After being introduced to the men of the Darrington Unit and prayed upon by my newest dear friend, John Eckeberger,  I  began to convey my life’s journey but assured everyone it failed to serve a purpose until I fell flat on my face and claimed Christ as my Savior 17 years prior on the very ground we currently stood, literally.  I was there for one purpose only; it was my love for them but my greater love of God and Christ’s will to invite them on this journey to a greater place.  I then conveyed my testimony comprising extreme trials, tribulations, salvation, successes followed by more trials, tribulations successes, and the becoming of the father I never knew.  When God’s love for you is so strong and He wants your attention, He will give you a “Step to Remember.”  Once you commit your faith with all your heart, regardless of one’s past, you are a new creation.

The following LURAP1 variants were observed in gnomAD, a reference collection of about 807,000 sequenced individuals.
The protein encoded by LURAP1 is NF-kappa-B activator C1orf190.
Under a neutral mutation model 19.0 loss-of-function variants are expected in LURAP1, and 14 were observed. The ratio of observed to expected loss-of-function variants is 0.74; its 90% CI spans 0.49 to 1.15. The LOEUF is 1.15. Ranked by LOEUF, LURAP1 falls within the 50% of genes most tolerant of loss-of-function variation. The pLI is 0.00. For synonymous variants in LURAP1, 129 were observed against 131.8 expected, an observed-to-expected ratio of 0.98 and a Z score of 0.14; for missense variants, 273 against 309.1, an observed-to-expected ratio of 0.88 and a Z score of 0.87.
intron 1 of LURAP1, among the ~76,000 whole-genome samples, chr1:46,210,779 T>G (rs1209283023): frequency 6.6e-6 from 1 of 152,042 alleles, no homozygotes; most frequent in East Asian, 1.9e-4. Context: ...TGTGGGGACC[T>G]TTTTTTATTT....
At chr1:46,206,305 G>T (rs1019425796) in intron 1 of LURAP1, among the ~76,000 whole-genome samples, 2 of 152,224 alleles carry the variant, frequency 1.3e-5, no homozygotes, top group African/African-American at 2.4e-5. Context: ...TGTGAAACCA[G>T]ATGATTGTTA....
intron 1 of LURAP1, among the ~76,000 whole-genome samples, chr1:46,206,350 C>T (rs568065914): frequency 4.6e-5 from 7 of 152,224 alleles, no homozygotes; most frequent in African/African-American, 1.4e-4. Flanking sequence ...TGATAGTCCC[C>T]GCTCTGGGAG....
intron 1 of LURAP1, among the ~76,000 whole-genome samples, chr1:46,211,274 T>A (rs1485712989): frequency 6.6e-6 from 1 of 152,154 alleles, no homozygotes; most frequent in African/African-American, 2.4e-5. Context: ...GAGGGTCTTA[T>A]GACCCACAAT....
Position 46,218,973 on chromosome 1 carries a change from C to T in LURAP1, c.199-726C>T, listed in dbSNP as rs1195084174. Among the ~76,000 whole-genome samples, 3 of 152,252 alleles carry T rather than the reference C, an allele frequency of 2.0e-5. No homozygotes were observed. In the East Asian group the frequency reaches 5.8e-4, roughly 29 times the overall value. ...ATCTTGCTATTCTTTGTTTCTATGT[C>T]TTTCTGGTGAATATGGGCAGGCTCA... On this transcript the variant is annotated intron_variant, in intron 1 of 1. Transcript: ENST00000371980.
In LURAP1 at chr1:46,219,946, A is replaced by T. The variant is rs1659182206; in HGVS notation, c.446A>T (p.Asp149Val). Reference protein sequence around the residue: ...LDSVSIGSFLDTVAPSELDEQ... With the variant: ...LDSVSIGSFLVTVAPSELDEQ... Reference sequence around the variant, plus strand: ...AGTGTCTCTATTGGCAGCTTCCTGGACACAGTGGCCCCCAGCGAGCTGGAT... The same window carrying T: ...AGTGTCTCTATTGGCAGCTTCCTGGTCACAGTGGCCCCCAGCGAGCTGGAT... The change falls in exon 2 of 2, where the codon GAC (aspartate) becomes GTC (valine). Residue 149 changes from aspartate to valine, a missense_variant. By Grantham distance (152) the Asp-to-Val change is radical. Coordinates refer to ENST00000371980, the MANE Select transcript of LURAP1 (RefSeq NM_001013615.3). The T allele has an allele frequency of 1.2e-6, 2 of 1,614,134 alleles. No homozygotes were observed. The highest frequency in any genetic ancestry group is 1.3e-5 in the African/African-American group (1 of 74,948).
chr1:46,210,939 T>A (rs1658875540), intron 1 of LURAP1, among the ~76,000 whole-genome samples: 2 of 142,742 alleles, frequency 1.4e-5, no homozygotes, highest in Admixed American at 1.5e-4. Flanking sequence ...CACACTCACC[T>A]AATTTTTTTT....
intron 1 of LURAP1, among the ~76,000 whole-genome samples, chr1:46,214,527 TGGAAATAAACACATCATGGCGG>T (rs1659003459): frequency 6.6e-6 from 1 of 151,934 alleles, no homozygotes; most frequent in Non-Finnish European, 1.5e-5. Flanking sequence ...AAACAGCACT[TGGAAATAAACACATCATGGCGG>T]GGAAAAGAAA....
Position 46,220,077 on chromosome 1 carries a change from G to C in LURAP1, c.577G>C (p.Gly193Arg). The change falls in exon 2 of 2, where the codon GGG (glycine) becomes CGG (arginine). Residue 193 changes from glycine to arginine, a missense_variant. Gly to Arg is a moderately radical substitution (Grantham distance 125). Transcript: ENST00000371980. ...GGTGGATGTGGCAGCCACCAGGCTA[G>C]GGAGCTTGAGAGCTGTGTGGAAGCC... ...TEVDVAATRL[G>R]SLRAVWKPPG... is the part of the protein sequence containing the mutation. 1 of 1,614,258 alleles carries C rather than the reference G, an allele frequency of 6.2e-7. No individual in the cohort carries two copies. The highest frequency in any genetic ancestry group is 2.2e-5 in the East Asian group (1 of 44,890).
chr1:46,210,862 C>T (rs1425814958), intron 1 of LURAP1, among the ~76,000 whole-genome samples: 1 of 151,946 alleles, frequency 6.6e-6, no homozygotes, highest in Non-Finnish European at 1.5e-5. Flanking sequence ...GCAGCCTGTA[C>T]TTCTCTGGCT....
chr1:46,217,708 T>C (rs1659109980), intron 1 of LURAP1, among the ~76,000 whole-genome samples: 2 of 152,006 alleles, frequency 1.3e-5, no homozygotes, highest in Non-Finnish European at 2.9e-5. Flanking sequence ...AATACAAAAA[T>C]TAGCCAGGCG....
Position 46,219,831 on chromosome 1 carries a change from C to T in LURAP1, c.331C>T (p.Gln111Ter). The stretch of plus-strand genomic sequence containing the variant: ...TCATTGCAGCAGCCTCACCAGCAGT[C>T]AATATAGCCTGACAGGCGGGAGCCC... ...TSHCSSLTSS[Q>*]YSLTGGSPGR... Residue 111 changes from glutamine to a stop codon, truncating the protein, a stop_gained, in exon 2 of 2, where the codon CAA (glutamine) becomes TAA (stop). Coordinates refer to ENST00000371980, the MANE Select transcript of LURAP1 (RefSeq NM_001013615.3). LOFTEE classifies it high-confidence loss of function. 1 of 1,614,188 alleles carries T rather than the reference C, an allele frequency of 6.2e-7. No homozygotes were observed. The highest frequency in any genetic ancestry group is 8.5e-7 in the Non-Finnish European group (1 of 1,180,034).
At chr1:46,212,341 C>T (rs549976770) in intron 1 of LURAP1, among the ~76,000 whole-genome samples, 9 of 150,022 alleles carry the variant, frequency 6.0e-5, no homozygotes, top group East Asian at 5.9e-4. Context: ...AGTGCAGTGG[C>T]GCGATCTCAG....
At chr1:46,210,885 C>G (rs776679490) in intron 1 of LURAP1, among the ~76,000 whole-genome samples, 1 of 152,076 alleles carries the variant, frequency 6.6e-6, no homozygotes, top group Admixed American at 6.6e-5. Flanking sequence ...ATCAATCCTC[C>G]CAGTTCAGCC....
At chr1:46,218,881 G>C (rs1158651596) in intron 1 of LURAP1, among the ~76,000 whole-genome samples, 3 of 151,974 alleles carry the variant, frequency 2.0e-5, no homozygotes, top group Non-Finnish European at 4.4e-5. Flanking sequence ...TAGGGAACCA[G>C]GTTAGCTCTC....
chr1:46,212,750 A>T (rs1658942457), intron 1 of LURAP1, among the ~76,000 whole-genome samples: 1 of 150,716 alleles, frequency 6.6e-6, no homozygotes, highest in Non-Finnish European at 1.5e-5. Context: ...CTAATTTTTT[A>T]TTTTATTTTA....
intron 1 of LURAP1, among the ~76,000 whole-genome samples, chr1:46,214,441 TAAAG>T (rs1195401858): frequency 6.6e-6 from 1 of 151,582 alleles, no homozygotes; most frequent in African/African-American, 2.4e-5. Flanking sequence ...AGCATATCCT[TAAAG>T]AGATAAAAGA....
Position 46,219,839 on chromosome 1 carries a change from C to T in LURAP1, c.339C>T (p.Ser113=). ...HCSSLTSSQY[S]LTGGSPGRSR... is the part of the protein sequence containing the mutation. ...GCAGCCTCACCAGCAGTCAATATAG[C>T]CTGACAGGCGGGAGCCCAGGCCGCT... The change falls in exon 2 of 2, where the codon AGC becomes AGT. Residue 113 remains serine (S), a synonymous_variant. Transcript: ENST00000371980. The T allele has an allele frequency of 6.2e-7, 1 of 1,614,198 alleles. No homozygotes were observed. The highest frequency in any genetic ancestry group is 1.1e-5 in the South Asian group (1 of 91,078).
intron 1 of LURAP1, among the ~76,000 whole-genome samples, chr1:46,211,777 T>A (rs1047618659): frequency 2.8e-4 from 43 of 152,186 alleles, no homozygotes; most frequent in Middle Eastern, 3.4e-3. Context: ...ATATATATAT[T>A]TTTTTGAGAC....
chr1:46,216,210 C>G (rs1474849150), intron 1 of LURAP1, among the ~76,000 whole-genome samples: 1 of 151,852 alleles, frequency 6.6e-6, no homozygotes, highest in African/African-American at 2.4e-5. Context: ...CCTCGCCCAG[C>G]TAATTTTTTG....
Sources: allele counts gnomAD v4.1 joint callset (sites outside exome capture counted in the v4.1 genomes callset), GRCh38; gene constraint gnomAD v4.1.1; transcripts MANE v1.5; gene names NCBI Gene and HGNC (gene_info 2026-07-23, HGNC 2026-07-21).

Upon my completing the testimony God had prepared for 46 years to the very day, which almost every man could relate, I inquired on the number of men who were products of an environment tantamount to my experience where there was an absence of a caring father figure.  Almost every man raised his hand.  Thereafter, I inquired on the number of men present who had children and almost every man raised his hand.  I then relayed to them the following statistics:

  • 63% of youth suicides are from fatherless homes (US Dept. Of Health/Census) – 5 times the average,
  • 90% of all homeless and runaway children are from fatherless homes – 32 times the average,
  • 85% of all children who show behavior disorders come from fatherless homes – 20 times the average  (Center for Disease Control),
  • 80% of rapist motivated by displaced anger come from fatherless homes. – 14 times the average (Source: Criminal Justice and Behavior, Vol. 14, pp. 403-26).